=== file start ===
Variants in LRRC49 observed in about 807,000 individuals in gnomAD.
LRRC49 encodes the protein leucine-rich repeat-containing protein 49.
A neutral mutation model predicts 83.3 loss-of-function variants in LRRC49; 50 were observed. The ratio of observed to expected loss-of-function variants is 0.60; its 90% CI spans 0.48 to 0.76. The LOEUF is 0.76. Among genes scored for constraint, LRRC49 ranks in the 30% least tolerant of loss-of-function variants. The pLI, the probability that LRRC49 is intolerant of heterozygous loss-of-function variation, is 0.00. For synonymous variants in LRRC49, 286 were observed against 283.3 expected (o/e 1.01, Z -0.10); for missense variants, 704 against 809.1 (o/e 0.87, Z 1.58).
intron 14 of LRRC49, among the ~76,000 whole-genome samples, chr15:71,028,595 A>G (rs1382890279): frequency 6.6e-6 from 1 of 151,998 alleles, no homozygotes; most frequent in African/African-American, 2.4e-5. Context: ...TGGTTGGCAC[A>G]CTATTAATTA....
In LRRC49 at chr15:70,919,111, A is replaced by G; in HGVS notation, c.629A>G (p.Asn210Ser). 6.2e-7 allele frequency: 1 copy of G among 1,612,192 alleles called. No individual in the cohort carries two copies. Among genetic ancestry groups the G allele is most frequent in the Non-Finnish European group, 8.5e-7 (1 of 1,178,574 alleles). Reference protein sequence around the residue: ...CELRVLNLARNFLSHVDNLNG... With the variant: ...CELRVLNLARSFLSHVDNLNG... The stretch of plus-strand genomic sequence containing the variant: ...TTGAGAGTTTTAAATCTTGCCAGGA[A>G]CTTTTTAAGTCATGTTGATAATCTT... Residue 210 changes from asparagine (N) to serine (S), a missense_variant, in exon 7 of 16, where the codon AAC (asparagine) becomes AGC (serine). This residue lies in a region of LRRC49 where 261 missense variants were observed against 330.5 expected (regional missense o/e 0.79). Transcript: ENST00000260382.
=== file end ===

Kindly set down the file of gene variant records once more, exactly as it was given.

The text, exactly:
Variants in LRRC49 observed in about 807,000 individuals in gnomAD.
LRRC49 encodes the protein leucine-rich repeat-containing protein 49.
A neutral mutation model predicts 83.3 loss-of-function variants in LRRC49; 50 were observed. The ratio of observed to expected loss-of-function variants is 0.60; its 90% CI spans 0.48 to 0.76. The LOEUF is 0.76. Among genes scored for constraint, LRRC49 ranks in the 30% least tolerant of loss-of-function variants. The pLI, the probability that LRRC49 is intolerant of heterozygous loss-of-function variation, is 0.00. For synonymous variants in LRRC49, 286 were observed against 283.3 expected (o/e 1.01, Z -0.10); for missense variants, 704 against 809.1 (o/e 0.87, Z 1.58).
intron 14 of LRRC49, among the ~76,000 whole-genome samples, chr15:71,028,595 A>G (rs1382890279): frequency 6.6e-6 from 1 of 151,998 alleles, no homozygotes; most frequent in African/African-American, 2.4e-5. Context: ...TGGTTGGCAC[A>G]CTATTAATTA....
In LRRC49 at chr15:70,919,111, A is replaced by G; in HGVS notation, c.629A>G (p.Asn210Ser). 6.2e-7 allele frequency: 1 copy of G among 1,612,192 alleles called. No individual in the cohort carries two copies. Among genetic ancestry groups the G allele is most frequent in the Non-Finnish European group, 8.5e-7 (1 of 1,178,574 alleles). Reference protein sequence around the residue: ...CELRVLNLARNFLSHVDNLNG... With the variant: ...CELRVLNLARSFLSHVDNLNG... The stretch of plus-strand genomic sequence containing the variant: ...TTGAGAGTTTTAAATCTTGCCAGGA[A>G]CTTTTTAAGTCATGTTGATAATCTT... Residue 210 changes from asparagine (N) to serine (S), a missense_variant, in exon 7 of 16, where the codon AAC (asparagine) becomes AGC (serine). This residue lies in a region of LRRC49 where 261 missense variants were observed against 330.5 expected (regional missense o/e 0.79). Transcript: ENST00000260382.